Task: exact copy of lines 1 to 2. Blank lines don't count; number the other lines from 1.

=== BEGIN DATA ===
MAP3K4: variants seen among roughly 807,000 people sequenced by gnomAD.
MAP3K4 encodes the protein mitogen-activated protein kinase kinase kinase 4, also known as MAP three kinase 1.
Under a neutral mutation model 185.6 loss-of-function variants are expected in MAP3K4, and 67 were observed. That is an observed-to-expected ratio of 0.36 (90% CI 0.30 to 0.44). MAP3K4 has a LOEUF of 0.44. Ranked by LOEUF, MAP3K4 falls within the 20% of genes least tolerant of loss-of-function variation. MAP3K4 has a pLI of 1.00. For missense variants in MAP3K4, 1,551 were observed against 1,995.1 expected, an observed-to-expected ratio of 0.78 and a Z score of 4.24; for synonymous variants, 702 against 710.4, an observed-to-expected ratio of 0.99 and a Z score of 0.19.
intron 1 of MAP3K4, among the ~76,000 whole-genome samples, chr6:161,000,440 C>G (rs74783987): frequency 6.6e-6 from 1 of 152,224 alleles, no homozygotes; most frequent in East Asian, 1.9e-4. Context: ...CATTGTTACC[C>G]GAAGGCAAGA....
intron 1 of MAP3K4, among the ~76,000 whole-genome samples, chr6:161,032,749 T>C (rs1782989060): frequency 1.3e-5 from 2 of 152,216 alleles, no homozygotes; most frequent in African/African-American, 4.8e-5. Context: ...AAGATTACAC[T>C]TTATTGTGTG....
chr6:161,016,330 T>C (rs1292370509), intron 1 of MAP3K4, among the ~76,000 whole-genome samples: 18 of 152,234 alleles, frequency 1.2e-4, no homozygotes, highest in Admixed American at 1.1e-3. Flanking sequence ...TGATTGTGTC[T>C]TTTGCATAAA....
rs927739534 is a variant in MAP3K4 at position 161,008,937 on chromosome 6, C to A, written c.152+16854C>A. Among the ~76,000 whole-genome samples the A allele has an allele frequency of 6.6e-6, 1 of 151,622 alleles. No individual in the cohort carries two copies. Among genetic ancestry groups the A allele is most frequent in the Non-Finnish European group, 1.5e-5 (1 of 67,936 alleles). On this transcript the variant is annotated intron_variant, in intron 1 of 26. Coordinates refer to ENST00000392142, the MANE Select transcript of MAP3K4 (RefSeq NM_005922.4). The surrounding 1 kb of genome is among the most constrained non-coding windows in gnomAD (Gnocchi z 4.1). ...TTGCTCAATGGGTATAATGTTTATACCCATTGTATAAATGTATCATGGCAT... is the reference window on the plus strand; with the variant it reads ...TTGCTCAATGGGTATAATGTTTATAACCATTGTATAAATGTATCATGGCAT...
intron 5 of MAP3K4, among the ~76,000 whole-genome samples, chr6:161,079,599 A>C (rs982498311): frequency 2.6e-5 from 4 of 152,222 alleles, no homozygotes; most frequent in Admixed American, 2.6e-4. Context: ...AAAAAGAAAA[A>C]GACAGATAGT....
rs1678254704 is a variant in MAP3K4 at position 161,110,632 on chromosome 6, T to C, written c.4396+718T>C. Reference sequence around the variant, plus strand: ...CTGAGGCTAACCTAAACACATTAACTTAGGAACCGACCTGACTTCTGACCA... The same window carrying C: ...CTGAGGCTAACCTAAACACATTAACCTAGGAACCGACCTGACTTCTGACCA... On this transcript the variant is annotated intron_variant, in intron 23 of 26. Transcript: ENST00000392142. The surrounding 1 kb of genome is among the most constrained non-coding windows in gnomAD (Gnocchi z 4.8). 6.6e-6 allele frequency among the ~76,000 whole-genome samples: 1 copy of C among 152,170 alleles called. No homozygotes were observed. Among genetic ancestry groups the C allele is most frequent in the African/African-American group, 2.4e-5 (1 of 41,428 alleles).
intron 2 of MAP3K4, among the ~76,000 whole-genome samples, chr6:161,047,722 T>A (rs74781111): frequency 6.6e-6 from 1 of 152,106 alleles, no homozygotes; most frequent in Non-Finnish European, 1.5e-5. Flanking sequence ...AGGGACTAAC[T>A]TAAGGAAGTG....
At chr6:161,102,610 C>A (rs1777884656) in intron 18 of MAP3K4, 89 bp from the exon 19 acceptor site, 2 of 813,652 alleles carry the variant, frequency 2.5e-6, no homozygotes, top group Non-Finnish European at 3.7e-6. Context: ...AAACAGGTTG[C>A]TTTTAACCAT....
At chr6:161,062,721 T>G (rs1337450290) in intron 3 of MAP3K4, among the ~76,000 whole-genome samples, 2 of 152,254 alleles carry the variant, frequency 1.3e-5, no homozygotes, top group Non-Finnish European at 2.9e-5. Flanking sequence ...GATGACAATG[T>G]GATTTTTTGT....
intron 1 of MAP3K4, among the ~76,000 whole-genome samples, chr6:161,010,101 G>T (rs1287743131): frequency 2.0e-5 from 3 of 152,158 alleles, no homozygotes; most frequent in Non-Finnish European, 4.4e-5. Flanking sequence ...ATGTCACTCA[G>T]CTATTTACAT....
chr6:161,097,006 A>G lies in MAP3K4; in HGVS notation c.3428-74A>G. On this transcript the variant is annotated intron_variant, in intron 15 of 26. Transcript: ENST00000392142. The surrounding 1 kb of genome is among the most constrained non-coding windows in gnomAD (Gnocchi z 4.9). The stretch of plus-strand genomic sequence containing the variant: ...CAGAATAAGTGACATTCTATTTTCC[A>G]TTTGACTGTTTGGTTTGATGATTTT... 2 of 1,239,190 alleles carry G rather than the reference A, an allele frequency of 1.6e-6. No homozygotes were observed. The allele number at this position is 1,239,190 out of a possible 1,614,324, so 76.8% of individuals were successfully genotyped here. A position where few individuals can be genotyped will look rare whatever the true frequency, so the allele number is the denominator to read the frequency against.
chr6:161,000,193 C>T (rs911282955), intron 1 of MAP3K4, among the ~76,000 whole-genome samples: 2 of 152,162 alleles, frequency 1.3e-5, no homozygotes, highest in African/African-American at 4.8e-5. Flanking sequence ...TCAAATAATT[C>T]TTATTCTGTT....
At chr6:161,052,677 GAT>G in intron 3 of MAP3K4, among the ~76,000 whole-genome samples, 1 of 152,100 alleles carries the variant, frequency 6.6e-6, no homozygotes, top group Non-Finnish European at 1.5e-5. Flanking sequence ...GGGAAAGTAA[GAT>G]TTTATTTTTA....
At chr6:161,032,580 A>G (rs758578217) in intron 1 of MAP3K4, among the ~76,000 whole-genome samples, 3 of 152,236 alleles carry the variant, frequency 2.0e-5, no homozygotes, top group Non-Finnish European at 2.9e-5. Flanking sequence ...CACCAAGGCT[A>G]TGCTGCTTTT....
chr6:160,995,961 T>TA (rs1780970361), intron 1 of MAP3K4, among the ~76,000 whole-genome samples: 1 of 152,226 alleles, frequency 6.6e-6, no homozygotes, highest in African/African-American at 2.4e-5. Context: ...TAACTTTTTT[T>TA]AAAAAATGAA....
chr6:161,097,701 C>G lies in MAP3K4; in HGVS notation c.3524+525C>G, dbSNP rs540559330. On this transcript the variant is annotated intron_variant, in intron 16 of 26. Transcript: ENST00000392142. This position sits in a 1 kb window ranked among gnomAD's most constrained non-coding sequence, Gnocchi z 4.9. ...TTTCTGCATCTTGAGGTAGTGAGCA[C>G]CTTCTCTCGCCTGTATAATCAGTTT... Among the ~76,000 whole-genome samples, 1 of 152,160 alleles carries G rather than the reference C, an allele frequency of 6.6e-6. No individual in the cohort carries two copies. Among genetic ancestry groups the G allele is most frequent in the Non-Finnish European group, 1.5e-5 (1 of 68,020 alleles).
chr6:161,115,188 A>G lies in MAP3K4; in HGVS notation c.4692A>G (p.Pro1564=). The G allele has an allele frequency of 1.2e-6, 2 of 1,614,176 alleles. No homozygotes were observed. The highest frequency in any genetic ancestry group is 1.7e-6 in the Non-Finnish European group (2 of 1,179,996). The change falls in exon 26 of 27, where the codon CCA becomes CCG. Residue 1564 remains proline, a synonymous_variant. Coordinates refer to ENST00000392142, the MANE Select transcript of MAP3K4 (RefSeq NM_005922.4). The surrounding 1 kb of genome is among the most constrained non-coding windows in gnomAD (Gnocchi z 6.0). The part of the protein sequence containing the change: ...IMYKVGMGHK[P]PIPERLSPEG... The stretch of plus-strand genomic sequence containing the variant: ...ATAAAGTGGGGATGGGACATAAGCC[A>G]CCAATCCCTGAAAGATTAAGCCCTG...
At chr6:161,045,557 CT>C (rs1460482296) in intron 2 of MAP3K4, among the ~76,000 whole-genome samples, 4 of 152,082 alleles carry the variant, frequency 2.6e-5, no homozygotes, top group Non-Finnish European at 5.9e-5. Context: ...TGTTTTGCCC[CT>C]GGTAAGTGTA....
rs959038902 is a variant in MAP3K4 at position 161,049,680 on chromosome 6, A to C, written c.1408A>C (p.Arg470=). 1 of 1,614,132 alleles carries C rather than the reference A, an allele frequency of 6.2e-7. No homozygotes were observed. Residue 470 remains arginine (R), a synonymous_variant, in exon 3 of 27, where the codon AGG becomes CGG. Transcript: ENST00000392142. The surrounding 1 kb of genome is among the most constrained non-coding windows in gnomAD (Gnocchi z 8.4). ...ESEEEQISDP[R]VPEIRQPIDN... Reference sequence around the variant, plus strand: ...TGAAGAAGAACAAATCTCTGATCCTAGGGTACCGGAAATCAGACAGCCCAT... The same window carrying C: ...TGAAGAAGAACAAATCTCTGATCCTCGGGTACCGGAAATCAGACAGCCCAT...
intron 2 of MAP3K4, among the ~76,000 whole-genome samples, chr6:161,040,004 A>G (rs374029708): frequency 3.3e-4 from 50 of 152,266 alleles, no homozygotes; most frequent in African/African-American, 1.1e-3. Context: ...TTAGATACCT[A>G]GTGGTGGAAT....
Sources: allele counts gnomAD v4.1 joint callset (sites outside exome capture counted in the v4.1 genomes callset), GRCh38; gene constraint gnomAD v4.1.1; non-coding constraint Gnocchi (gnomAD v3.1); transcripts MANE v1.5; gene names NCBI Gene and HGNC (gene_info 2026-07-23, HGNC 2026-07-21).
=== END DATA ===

MAP3K4: variants seen among roughly 807,000 people sequenced by gnomAD.
MAP3K4 encodes the protein mitogen-activated protein kinase kinase kinase 4, also known as MAP three kinase 1.